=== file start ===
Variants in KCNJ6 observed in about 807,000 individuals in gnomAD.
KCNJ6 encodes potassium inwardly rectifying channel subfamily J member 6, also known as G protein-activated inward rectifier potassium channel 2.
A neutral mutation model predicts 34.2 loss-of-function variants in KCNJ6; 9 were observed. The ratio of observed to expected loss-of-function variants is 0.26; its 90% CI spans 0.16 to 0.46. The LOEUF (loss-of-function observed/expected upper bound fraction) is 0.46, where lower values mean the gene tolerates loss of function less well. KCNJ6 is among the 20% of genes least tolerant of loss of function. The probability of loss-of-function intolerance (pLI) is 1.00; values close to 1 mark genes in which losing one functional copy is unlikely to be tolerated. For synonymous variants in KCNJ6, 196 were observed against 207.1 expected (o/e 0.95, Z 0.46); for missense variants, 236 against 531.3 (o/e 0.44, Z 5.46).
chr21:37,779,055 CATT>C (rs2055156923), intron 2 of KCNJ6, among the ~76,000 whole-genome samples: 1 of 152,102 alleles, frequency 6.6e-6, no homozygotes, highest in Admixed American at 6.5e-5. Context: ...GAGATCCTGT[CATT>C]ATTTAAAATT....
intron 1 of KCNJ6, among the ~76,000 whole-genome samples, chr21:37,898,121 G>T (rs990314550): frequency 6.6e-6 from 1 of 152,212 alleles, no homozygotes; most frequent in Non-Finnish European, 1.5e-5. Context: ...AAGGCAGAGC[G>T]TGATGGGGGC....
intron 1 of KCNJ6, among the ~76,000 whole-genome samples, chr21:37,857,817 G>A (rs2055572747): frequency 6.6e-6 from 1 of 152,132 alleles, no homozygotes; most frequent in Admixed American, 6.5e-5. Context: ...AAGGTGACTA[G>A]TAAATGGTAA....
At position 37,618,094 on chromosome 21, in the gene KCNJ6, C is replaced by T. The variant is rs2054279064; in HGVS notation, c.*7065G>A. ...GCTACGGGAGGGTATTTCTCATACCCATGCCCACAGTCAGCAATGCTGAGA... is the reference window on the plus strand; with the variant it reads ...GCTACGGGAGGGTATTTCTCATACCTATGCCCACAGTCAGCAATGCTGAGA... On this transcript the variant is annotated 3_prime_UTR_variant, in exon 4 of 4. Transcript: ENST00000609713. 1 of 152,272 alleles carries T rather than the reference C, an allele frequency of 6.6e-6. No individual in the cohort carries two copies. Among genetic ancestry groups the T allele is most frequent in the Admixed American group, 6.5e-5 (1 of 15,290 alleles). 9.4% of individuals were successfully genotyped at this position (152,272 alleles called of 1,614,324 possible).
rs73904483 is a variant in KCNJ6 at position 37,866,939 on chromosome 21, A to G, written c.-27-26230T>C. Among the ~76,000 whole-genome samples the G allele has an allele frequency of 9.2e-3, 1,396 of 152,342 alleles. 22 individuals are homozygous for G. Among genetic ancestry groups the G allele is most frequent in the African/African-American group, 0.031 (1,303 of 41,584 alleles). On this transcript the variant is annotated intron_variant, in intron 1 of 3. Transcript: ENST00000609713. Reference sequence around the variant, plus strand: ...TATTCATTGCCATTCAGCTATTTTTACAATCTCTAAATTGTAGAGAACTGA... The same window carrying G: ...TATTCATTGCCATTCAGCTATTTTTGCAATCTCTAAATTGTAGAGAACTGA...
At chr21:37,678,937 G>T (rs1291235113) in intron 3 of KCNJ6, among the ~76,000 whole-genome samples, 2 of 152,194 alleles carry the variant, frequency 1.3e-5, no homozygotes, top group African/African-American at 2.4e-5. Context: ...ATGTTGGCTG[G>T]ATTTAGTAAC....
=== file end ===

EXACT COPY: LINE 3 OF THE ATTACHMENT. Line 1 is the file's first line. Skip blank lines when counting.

A neutral mutation model predicts 34.2 loss-of-function variants in KCNJ6; 9 were observed. The ratio of observed to expected loss-of-function variants is 0.26; its 90% CI spans 0.16 to 0.46. The LOEUF (loss-of-function observed/expected upper bound fraction) is 0.46, where lower values mean the gene tolerates loss of function less well. KCNJ6 is among the 20% of genes least tolerant of loss of function. The probability of loss-of-function intolerance (pLI) is 1.00; values close to 1 mark genes in which losing one functional copy is unlikely to be tolerated. For synonymous variants in KCNJ6, 196 were observed against 207.1 expected (o/e 0.95, Z 0.46); for missense variants, 236 against 531.3 (o/e 0.44, Z 5.46).